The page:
Arthritis 101: Pain Management Tips and More


When it comes to aging, arthritis is a common among seniors, but it not simply a result of aging. In fact, while many people experience arthritis, the Arthritis Foundation notes that it is not a single disease but rather the general term used when referring to joint pain or joint disease. The Foundation’s site notes that there are over “100 types of arthritis and related conditions.” In honor of Arthritis Awareness, Fellowship Square shares some “arthritis 101” and tips for managing pain as a result of arthritis.


The Arthritis Foundation states that while arthritis occurs more frequently as people age, more than 50 million adults and 300,000 children experience some type of arthritis symptoms, which include swelling, pain, stiffness and decreased range of motion. Some types of arthritis can even affect the heart, eyes, lungs, kidneys and skin in addition to joints. Joint pain as a result of inflammatory disease (like rheumatoid arthritis) may require medical treatment in ease pain management by decreasing inflammation that can lead to further joint damage. 


There are many natural ways to ease pain associated with arthritis, such as low impact exercises including yoga and tai chi. Both of these can improve flexibility and range or motion in the body as well as provide a sense of overall well-being through mind-body connection. Physical therapy is another form of pain management that one’s doctor may “prescribe” or recommend as part of a joint pain management plan.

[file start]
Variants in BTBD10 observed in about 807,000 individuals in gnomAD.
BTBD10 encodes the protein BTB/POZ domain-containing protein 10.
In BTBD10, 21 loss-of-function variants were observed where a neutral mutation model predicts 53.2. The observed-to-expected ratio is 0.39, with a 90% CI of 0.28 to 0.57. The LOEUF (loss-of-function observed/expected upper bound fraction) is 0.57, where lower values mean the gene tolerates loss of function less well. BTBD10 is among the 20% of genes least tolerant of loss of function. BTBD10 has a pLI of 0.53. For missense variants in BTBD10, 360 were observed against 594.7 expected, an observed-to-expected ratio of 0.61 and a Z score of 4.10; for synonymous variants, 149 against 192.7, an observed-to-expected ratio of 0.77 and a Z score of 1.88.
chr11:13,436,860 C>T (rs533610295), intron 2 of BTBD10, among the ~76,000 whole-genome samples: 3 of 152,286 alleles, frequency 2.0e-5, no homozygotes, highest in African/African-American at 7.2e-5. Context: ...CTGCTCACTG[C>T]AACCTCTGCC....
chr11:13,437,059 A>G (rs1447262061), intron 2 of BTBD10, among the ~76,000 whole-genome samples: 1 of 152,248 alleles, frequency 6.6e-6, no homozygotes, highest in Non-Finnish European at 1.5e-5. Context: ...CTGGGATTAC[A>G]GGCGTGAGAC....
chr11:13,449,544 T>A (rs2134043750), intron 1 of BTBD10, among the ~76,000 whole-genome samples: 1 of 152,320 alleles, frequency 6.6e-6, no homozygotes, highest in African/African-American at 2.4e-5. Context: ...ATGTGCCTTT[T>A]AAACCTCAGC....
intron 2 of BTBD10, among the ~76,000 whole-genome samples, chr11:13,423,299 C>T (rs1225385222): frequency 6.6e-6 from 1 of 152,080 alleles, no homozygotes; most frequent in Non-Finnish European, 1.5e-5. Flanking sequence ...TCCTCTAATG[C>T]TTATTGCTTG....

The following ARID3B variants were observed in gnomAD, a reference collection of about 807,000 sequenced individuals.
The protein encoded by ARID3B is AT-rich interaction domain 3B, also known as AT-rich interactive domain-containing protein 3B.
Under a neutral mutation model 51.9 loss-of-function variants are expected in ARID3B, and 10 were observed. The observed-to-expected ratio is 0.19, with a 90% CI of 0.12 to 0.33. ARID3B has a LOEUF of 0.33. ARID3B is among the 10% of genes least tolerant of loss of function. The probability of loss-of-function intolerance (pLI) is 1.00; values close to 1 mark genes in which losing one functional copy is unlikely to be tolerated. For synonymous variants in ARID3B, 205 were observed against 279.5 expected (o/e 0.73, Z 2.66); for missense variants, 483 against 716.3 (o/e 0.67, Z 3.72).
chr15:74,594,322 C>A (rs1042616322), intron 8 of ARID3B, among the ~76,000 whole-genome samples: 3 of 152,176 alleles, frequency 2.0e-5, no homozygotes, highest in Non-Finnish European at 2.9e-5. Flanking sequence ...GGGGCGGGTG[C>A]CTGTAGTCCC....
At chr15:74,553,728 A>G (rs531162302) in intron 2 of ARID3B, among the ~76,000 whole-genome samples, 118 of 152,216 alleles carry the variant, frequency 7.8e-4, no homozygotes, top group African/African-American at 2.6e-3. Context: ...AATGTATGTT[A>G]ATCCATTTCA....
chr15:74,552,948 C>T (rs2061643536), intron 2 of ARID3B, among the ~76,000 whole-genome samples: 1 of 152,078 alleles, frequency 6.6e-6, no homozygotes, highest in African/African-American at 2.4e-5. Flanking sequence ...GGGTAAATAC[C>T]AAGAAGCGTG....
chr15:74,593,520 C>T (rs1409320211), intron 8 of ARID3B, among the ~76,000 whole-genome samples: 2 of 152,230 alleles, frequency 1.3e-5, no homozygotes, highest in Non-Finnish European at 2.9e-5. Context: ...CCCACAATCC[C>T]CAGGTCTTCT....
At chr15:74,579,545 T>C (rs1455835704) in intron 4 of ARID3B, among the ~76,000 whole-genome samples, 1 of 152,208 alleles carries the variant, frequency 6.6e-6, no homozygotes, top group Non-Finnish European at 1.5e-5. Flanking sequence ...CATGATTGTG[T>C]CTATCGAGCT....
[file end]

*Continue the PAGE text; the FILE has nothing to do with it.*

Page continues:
For those that are overweight, doctors may recommend weight loss to help ease pressure on joints and serve to reduce or eliminate inflammation. Changes in eating habits combined with increased exercise can be a very effective natural remedy for arthritis. Portion control, limiting caffeine, forgoing fast food and drinking lots of water are all small changes that can create big results in terms of pain relief.   


Acupuncture is often used to treat arthritis pain as well. This treatment involves a professional inserting very tiny, thin needs through the skin at very specific “acupoints” on the body. This process serves to stimulate nerves, muscles, and connective tissue. According to the Arthritis Foundation, it can also can “improve blood flow and activate the body’s natural painkillers.” Topical treatments are also available to treat targeted areas.


Because there are so many types of arthritis, it’s important to speak with one’s doctor to create a specific treatment and pain management plan designed to target the specific types one is affected by. Fellowship Square encourages seniors who are experiencing joint pain associated with arthritis to speak with their doctors to create a treatment plan. 

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